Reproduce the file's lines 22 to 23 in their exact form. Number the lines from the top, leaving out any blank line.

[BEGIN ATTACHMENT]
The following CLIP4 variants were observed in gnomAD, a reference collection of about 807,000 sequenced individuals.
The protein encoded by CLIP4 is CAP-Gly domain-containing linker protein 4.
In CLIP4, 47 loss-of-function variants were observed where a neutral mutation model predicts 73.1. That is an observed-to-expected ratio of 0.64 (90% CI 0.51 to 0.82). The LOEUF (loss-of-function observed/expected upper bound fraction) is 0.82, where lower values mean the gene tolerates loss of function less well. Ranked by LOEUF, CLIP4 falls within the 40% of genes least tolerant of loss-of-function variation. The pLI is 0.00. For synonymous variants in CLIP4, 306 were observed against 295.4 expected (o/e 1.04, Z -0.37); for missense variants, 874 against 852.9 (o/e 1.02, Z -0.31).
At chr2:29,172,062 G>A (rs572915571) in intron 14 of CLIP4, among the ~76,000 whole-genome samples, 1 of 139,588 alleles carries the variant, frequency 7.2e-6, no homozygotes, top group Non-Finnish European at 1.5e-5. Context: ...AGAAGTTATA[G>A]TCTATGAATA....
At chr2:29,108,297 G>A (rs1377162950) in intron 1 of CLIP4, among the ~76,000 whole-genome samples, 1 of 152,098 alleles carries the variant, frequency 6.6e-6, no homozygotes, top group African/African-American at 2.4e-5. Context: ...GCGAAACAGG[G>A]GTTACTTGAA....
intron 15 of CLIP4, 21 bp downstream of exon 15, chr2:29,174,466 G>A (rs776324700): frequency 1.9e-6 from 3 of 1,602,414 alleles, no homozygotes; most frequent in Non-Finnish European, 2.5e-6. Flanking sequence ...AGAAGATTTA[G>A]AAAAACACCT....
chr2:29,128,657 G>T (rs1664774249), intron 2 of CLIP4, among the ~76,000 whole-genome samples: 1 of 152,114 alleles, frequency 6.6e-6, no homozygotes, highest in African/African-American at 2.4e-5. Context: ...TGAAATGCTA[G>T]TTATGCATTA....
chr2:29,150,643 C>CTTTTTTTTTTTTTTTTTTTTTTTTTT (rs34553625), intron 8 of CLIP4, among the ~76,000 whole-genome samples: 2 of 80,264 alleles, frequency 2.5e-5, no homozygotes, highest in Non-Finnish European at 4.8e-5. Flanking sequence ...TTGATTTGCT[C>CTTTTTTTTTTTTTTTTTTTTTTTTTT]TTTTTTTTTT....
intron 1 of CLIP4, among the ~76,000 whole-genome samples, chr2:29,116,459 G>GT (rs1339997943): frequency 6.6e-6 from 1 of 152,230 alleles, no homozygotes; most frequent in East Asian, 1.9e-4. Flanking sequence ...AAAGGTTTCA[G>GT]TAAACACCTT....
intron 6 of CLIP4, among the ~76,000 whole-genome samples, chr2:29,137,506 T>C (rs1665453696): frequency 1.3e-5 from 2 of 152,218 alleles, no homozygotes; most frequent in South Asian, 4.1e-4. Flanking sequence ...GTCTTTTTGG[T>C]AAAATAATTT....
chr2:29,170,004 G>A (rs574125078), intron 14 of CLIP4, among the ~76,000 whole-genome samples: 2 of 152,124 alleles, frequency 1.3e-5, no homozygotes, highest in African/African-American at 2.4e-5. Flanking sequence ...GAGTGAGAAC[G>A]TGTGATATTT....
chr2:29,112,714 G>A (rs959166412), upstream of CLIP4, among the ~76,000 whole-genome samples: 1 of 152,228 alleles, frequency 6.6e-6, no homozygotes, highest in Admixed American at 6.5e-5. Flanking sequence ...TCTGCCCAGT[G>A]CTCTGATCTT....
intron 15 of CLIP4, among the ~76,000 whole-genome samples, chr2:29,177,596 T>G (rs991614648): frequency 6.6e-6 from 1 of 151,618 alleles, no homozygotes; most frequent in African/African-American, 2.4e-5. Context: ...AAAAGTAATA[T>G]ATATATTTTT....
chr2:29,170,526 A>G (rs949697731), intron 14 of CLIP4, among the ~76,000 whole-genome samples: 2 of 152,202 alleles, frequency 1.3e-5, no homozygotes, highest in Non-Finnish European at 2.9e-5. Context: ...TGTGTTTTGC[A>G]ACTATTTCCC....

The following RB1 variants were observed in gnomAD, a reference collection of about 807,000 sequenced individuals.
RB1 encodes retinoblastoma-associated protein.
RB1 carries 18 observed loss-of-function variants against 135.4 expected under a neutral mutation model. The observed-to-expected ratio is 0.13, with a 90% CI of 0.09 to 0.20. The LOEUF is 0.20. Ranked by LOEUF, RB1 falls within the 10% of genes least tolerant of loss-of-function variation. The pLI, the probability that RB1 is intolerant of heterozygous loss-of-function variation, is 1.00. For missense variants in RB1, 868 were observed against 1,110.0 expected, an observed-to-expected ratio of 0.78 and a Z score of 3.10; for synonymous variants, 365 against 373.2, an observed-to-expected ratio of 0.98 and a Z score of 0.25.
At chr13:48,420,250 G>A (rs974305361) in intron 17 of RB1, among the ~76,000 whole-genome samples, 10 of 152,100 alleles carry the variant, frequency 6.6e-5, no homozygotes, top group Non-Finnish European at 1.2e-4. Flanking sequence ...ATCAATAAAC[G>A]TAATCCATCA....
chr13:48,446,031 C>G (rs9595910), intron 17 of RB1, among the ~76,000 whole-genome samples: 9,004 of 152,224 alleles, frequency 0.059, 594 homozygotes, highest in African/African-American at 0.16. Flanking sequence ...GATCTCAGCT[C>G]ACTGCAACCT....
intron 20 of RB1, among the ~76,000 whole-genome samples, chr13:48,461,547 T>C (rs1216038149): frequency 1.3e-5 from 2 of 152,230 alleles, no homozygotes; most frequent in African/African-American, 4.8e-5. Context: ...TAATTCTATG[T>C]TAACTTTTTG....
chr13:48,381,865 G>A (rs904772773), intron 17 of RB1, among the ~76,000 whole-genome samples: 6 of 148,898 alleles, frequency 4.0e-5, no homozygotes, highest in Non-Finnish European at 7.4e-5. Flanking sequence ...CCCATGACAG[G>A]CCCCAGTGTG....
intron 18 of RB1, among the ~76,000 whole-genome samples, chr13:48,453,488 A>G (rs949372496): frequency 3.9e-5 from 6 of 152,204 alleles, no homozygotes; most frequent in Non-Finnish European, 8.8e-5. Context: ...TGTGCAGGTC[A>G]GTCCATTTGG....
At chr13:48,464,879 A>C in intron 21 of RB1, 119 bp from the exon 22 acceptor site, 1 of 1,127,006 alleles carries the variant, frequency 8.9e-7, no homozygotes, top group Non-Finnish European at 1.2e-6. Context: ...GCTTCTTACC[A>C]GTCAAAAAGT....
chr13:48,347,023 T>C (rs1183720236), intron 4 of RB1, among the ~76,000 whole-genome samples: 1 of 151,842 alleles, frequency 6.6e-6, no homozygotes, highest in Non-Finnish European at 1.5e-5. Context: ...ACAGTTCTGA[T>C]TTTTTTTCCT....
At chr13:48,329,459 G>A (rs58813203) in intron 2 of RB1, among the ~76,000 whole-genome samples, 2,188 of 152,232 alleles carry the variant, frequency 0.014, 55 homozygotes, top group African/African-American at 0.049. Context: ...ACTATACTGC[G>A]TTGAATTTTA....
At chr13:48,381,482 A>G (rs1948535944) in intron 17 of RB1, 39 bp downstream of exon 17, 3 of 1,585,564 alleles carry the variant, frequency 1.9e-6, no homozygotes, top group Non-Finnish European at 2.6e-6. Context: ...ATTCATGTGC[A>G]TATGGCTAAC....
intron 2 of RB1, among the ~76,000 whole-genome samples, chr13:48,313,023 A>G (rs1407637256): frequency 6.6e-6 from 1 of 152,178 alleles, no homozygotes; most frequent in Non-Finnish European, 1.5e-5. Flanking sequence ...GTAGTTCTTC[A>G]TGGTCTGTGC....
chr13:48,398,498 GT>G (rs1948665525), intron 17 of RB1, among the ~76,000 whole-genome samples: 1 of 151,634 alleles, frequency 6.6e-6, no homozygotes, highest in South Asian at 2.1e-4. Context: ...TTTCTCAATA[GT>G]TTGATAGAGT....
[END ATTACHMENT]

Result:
intron 18 of RB1, among the ~76,000 whole-genome samples, chr13:48,453,488 A>G (rs949372496): frequency 3.9e-5 from 6 of 152,204 alleles, no homozygotes; most frequent in Non-Finnish European, 8.8e-5. Context: ...TGTGCAGGTC[A>G]GTCCATTTGG....
At chr13:48,464,879 A>C in intron 21 of RB1, 119 bp from the exon 22 acceptor site, 1 of 1,127,006 alleles carries the variant, frequency 8.9e-7, no homozygotes, top group Non-Finnish European at 1.2e-6. Context: ...GCTTCTTACC[A>C]GTCAAAAAGT....